A 7 Point Marketing Plan


Marketing is essentially about acquiring and retaining customers. Marketing can be as simple or as complex as you’d like to make it, but every business should have a marketing plan of some sort. Here’s a simple way of covering the seven basic elements of a marketing plan.

Describe the market in which you trade

How well do you really know your own market? A basic understanding is critical to developing an effective sales strategy.

Who are the key players? You should know the major suppliers and the bigger customers. You should know who’s leading the way and who’s falling behind.

Is your market growing or contracting? You need to know if it’s going places or heading for tough times. You also need to keep up with the major developments in your market both at home and overseas. Your market is the environment in which your business lives. Unless you really know your market you’re not going to be able to grow when it grows or protect yourself when it gets into trouble.

Identify your competitors – current and future

You need to identify and understand your competitors so you can compare what they offer with what you’re offering. You need to watch them so you know if something new is happening in your line of business that you haven’t yet heard about. You also need to know their strengths and weaknesses so you can do it better and increase your customer base at their expense.

And because change is a part of every aspect of life these days, consider too who might compete with you in the future even though they mightn’t be currently.

Understand your customer’s needs

The most successful businesses today are those that get to really know their customers and deliver what they want. They also spend a lot of time making sure that their customers have satisfying experiences at every touchpoint with their business.

The same thing goes for those whom you want as customers. You need to know them as well as the ones you already have so you can package what it is they want and be able to give it to them. Products don’t sell on just price and quality – customers are going to estimate the value they’ll get on a number of things and you need to know what they consider important.

Develop a pricing strategy

Your pricing strategy has to meet two important requirements – it must appeal to your customers and it has to be profitable for your business. You have to know what your real costs are before you can set a price on what it is you’re selling. That’s not just the simple costs of making and selling it, but the total basket of costs including a fair share of your overheads and an allowance for yourself.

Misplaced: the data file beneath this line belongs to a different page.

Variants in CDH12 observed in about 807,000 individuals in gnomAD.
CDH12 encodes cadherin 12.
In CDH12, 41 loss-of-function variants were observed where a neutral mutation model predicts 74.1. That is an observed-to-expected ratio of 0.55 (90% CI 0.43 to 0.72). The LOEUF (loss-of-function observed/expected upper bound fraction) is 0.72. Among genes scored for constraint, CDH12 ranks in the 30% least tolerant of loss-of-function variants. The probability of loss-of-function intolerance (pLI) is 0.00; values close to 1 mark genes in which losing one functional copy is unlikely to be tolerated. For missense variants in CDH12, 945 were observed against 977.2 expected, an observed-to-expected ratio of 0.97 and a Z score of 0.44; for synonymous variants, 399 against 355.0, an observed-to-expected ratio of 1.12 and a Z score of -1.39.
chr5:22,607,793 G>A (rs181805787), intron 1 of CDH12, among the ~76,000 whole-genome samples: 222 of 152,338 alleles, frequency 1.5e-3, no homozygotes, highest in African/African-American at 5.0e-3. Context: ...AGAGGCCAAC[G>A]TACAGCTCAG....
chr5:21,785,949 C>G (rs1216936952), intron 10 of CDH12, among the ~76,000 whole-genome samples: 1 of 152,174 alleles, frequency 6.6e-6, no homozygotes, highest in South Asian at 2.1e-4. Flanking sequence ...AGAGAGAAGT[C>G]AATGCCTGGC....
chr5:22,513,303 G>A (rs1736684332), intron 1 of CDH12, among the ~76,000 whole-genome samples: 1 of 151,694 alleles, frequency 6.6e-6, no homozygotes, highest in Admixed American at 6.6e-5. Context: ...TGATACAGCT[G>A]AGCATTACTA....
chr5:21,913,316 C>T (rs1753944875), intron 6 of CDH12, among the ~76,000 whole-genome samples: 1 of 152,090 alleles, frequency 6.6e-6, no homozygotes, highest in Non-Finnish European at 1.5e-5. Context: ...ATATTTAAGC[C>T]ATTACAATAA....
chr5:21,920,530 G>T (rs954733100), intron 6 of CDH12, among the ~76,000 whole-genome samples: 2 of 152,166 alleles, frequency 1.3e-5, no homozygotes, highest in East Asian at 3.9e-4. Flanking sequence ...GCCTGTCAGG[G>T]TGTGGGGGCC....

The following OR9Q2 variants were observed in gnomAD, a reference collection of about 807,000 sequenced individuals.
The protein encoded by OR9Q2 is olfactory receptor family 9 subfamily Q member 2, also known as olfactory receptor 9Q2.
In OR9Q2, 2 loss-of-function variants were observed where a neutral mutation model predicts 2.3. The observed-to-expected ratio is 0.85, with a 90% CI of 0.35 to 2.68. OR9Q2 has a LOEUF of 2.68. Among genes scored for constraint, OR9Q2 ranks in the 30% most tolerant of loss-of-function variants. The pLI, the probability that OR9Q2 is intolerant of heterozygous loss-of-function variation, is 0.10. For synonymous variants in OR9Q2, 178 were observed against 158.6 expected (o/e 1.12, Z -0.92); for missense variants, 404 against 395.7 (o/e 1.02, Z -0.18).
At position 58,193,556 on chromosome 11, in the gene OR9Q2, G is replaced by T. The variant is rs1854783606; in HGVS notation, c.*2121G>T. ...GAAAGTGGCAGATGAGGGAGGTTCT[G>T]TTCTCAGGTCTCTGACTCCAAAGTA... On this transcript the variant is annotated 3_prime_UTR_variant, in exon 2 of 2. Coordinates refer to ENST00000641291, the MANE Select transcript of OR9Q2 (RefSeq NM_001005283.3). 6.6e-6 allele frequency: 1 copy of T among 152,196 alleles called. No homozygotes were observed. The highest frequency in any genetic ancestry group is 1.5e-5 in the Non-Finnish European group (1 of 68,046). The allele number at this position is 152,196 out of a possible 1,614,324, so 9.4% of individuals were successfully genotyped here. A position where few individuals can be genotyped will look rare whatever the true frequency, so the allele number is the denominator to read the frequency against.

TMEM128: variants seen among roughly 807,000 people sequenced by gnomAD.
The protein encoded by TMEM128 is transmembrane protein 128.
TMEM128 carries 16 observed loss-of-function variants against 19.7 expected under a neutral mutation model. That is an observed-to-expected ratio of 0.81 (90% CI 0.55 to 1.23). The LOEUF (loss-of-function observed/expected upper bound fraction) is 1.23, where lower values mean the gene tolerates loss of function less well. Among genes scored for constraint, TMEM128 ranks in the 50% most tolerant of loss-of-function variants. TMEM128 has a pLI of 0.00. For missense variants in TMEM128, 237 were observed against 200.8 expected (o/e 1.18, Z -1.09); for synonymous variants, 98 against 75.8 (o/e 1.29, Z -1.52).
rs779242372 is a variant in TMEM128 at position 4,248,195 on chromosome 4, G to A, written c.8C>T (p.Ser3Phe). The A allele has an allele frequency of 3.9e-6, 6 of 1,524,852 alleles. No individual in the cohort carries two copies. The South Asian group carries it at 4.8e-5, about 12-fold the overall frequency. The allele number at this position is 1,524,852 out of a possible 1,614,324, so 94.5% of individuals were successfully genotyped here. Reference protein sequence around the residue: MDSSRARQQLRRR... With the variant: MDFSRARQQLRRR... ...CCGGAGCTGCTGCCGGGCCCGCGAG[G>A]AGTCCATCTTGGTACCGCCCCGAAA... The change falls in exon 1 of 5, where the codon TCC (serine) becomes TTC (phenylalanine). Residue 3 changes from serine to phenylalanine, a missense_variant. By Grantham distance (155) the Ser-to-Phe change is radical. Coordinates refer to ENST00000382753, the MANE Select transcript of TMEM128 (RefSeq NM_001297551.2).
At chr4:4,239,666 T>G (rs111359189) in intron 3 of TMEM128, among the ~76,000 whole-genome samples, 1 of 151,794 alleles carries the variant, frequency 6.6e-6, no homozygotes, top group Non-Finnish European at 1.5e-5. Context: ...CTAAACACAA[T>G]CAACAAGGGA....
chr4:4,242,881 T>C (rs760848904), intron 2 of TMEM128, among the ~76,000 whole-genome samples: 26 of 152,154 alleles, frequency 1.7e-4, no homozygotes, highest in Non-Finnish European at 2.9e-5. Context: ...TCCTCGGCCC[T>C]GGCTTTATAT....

Remember when setting prices that people usually shop around before making their final decision. You don’t have to be the cheapest, in fact you shouldn’t be, but it certainly pays to be at least a bit under the top of the market unless you’ve got a product that’s a world-beater. Regularly survey the market so that you know what the range of prices for your product is. Choose a price point that suits the customers that are already buying from you and will also appeal to those you’d like to acquire.

Developing customer relationships

Among the things customers see as valuable is the sort of experience they have in dealing with a business. Relationships have to be designed for specific groups of customers, then the business structured in such a way that the desired relationships are created and maintained. Part of successful marketing is knowing just what these relationships should be and being able to create them.

Think about your customers with the intention of developing relationships with them. It’s a lot different from just trying to think of how to sell them something, and in the longer-term it’s going to work much better for you.

Acquiring new customers

Do you actively go out and look for new business or are you just waiting for it to walk in the door? Are you really aware of what your prospective customers want that will make them buy from you? Do you know how to reach them and what sort of message will encourage them to buy? These are critical questions you have to answer as part of your marketing. Customers’ requirements change and you need to keep up with those changes. Customer acquisition is an important element of any business and it has to receive its fair share of attention or your customer base will eventually wither away.

Market in the right places

Always develop your marketing communications with your customers in mind – where do they look when they want information about a product like yours? Which of them will provide a good return on investment for you?

These seven elements of marketing are already part of your business. You’re already doing marketing each time you set a price or check what your competitors are charging for what they sell. The most critical part of each of these is to make sure it works as well as it possibly can and is always targeted at delivering what the customer wants from you. Happy marketing!

Until next week,
Mike Reddy